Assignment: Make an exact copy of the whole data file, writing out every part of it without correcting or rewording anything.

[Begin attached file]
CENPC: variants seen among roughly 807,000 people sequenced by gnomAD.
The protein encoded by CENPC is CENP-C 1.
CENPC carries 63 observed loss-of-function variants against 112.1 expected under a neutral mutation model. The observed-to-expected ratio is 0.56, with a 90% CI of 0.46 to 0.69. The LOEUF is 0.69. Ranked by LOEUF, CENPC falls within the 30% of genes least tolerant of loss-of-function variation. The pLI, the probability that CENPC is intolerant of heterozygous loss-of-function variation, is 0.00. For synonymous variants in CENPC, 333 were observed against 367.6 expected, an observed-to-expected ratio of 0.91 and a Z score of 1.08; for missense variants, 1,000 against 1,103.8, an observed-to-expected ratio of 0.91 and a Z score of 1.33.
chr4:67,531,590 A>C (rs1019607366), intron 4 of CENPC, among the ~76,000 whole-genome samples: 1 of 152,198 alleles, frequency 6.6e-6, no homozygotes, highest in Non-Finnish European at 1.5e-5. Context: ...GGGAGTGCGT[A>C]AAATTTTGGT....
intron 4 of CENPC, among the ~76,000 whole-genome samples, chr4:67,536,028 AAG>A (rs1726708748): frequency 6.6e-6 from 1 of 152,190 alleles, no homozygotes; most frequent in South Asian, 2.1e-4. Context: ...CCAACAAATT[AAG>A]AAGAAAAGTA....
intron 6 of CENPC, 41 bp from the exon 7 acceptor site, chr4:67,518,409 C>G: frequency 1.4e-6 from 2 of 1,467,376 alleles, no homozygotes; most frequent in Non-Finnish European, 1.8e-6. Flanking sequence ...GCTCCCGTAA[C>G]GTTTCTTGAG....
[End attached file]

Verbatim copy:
CENPC: variants seen among roughly 807,000 people sequenced by gnomAD.
The protein encoded by CENPC is CENP-C 1.
CENPC carries 63 observed loss-of-function variants against 112.1 expected under a neutral mutation model. The observed-to-expected ratio is 0.56, with a 90% CI of 0.46 to 0.69. The LOEUF is 0.69. Ranked by LOEUF, CENPC falls within the 30% of genes least tolerant of loss-of-function variation. The pLI, the probability that CENPC is intolerant of heterozygous loss-of-function variation, is 0.00. For synonymous variants in CENPC, 333 were observed against 367.6 expected, an observed-to-expected ratio of 0.91 and a Z score of 1.08; for missense variants, 1,000 against 1,103.8, an observed-to-expected ratio of 0.91 and a Z score of 1.33.
chr4:67,531,590 A>C (rs1019607366), intron 4 of CENPC, among the ~76,000 whole-genome samples: 1 of 152,198 alleles, frequency 6.6e-6, no homozygotes, highest in Non-Finnish European at 1.5e-5. Context: ...GGGAGTGCGT[A>C]AAATTTTGGT....
intron 4 of CENPC, among the ~76,000 whole-genome samples, chr4:67,536,028 AAG>A (rs1726708748): frequency 6.6e-6 from 1 of 152,190 alleles, no homozygotes; most frequent in South Asian, 2.1e-4. Context: ...CCAACAAATT[AAG>A]AAGAAAAGTA....
intron 6 of CENPC, 41 bp from the exon 7 acceptor site, chr4:67,518,409 C>G: frequency 1.4e-6 from 2 of 1,467,376 alleles, no homozygotes; most frequent in Non-Finnish European, 1.8e-6. Flanking sequence ...GCTCCCGTAA[C>G]GTTTCTTGAG....